When Branka Stamenkovic gave birth to her first child in Serbia, the experience was traumatic. Minutes after the baby was born, nurses bundled up the infant and whisked him away, separating the mother and child for three days.
When they returned, the nurses gave Stamenkovic a cursory lesson in breastfeeding and sent the pair on their way.
Stamenkovic detailed her experience in a blog in 2008 that triggered an outpouring of similar stories from women across Serbia.
It unwittingly lit the spark for a Unicef campaign that has turned the country into a leading example of how to boost early breastfeeding rates.
“I published over 700 stories online, and this is how Unicef actually learned about the sad state of affairs of the baby-friendly programme in Serbia,” she said.
The UN children’s agency had first launched its “baby-friendly hospital initiative” in Serbia in the 1990s.
But after it handed the programme over to the government in the early 2000s, breastfeeding rates plummeted to eight per cent in 2010.
The UN agency pointed to the stories on Stamenkovic’s blog to make a case for re-booting the initiative.
By 2014, the percentage of women breastfeeding within the first hour after birth was back up to 51 per cent — a leap unseen among other middle and low-income countries.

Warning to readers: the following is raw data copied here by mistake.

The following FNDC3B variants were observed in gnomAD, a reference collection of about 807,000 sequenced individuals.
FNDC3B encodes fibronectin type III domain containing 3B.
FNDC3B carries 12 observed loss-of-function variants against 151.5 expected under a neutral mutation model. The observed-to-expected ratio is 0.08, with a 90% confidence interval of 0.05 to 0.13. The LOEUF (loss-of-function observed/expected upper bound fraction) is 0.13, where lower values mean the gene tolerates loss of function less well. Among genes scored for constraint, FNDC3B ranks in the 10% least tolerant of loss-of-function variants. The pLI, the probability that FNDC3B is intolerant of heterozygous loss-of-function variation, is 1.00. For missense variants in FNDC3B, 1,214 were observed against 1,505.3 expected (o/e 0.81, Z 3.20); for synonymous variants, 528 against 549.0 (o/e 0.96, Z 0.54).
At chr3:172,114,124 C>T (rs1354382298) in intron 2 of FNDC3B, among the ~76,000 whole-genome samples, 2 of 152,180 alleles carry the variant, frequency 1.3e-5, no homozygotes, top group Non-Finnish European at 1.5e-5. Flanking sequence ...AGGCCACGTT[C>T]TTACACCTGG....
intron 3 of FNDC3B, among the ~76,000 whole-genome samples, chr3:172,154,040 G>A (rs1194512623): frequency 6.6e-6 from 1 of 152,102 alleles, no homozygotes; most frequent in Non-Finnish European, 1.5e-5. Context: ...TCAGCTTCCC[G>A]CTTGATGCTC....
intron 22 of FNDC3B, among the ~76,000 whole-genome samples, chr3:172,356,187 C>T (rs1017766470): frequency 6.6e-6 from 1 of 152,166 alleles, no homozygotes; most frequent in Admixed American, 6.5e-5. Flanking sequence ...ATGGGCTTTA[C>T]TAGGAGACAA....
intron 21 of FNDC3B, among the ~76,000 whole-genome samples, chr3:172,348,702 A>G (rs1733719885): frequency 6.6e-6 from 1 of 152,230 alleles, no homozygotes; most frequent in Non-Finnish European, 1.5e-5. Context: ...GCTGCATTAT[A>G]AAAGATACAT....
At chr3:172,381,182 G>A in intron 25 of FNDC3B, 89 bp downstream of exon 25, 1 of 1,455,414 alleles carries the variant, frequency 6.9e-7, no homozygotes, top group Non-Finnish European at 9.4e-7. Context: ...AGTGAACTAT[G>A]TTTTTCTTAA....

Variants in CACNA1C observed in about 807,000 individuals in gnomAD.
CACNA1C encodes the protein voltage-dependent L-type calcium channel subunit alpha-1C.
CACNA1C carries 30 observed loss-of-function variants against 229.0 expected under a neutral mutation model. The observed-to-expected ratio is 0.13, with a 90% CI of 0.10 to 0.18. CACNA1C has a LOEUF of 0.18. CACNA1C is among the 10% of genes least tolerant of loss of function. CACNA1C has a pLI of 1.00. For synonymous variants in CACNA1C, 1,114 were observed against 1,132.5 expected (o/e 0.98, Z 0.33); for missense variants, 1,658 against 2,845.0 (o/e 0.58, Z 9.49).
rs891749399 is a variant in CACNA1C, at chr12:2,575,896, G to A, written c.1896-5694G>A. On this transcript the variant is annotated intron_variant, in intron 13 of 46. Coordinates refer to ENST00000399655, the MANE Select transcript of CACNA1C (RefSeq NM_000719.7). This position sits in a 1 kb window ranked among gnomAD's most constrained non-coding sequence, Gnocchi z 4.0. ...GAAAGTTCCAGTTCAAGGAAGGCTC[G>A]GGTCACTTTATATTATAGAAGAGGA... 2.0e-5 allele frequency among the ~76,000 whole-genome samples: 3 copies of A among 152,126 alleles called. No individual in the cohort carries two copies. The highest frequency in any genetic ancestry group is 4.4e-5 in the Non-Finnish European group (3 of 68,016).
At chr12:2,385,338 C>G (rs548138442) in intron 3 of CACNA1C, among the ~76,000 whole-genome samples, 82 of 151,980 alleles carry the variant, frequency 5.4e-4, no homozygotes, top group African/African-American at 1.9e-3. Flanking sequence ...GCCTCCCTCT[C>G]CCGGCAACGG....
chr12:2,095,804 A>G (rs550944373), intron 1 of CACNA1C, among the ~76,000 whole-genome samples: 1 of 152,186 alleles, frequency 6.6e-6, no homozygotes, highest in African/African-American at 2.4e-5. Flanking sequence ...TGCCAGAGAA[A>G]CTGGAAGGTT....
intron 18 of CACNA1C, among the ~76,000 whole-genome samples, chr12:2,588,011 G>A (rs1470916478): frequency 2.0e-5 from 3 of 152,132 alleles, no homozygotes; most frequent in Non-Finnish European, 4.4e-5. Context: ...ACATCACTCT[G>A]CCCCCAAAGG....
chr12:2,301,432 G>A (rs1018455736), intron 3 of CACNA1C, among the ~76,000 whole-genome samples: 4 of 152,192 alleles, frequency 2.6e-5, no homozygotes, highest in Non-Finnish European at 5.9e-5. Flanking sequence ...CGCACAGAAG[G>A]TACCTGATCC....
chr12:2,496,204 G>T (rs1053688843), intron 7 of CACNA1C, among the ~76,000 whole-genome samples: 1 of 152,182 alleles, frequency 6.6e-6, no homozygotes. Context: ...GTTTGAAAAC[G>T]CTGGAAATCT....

The World Health Organization and Unicef — who are marking World Breastfeeding Week until August 7 — have long pushed for mothers to breastfeed babies during their first six months of life, starting within the first hour after birth.
Breast milk produced during those early days is especially rich in nutrients and antibodies, boosting infants’ chances of survival by protecting them from infections.
But health experts must battle a multi-billion dollar baby formula industry that aggressively advertises breast milk substitutes to mothers from day one. Global debate over the issue was revived last month when a US delegation reportedly tried to water down a WHO resolution that called for the promotion of breastfeeding.
The early form of breast milk, known as colostrum, “is the best food that a human being can ever get,” said Djurdjica Cecez, a neonatologist at Belgrade’s Narodni Front maternity hospital. Cecez said Serbia has made impressive gains in promoting early breastfeeding. Today, in order to be accredited, Serbian maternity hospitals must meet the “baby-friendly” guidelines that promote immediate skin-to-skin contact between mother and child after birth, breastfeeding within the first hour and support to keep up the practice. — AFP